Recording and I are old friends. I started with it at an early age, playing around with my parents’ portable cassette recorder, making fake news broadcasts. In my teens I graduated to a Tascam 4-track, and recorded basement demos of my friend’s bands as well as my own material.
Eventually I decided to make recording a career, and in 1989 I moved to New York City to study audio at Center for the Media Arts. At the time, 24-track 2-inch analog decks ruled the roost and digital recording was in it’s infancy. ProTools was a stereo audio editor called Soundtools.
After graduating I worked at several NYC studios including Coyote Recording in Brooklyn where i was mentored by the owners, Mike and Albert Caiati. Steve La Cerra at The Woodshop was a great inspiration as well, and I learned a lot from those guys, not just how to record but also how to handle clients and make sessions go smoothly.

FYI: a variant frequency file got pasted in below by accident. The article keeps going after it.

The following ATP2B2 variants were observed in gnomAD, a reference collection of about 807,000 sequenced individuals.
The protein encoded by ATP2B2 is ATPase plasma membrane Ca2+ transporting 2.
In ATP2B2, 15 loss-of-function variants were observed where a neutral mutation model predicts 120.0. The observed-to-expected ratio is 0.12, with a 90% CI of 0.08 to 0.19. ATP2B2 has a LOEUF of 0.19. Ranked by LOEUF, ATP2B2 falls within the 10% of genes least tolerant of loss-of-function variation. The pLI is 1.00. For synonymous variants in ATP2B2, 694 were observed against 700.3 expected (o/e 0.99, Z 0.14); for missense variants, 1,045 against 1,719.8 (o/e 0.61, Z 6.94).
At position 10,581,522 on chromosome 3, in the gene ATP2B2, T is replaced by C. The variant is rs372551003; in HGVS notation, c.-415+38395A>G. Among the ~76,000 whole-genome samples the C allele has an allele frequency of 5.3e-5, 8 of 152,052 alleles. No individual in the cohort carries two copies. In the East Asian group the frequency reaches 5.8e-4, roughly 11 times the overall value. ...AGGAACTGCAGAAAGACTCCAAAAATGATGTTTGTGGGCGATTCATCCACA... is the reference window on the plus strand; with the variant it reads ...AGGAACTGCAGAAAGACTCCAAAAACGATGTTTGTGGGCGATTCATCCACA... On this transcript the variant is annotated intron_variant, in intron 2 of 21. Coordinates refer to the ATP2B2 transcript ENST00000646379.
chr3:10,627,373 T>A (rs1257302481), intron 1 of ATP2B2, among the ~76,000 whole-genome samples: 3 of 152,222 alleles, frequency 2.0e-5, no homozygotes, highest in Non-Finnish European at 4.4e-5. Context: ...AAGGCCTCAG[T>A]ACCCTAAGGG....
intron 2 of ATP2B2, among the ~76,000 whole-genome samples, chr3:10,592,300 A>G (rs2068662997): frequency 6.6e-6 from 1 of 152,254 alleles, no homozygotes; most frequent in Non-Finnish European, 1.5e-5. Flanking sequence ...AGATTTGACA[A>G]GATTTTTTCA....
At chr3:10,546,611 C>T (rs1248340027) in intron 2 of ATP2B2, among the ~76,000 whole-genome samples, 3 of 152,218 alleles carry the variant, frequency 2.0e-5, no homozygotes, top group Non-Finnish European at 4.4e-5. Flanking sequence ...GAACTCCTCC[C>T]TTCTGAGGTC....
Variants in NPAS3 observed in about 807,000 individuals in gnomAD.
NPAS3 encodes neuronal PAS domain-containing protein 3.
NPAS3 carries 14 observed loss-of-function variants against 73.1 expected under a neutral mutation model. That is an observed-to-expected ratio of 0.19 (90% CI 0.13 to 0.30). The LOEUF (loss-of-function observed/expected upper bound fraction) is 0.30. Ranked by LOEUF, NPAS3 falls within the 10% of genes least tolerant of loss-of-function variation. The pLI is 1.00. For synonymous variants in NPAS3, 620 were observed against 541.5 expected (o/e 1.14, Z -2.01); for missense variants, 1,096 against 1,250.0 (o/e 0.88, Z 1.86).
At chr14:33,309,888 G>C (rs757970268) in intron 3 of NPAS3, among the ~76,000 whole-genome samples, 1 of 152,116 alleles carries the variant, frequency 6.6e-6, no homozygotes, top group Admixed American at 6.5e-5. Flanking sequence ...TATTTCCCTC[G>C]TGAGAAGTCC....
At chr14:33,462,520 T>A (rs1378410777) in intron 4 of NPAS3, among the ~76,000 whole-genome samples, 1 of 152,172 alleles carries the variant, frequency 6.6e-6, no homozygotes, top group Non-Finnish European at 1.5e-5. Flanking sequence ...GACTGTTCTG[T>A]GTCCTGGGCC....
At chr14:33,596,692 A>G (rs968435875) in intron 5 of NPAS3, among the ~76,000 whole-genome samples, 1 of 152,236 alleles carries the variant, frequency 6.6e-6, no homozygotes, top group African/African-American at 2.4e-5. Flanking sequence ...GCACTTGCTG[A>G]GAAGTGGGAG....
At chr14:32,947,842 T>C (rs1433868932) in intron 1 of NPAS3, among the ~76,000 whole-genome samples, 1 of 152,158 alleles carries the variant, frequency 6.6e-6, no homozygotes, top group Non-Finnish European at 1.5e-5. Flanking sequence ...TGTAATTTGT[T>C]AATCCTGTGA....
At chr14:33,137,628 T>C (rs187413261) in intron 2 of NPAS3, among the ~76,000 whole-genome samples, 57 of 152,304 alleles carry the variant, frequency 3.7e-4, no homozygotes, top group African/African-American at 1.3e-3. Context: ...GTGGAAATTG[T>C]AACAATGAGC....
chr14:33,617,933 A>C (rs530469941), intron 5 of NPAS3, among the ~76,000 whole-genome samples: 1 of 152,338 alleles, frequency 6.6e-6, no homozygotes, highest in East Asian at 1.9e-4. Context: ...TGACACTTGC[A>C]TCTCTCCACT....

Over the years, however, technology advanced and cost went down to the point where I could open my own studio. Enter Garage Mahal Recording, a purpose built facility where I record and mix local, national and international artists. At Garage Mahal, artists are encourage to be themselves, and I can both lay back and let them do their thing or guide them when they need guidance. I’m flexible.
I’m quite proud of the variety of musical artists and styles that have come through the door, and of the work we have done together. With a nod to the old school, I still think the best way to record is everyone in the room, playing off each other, with a dedicated engineer (meaning me) behind the glass keeping an ear/eye on things.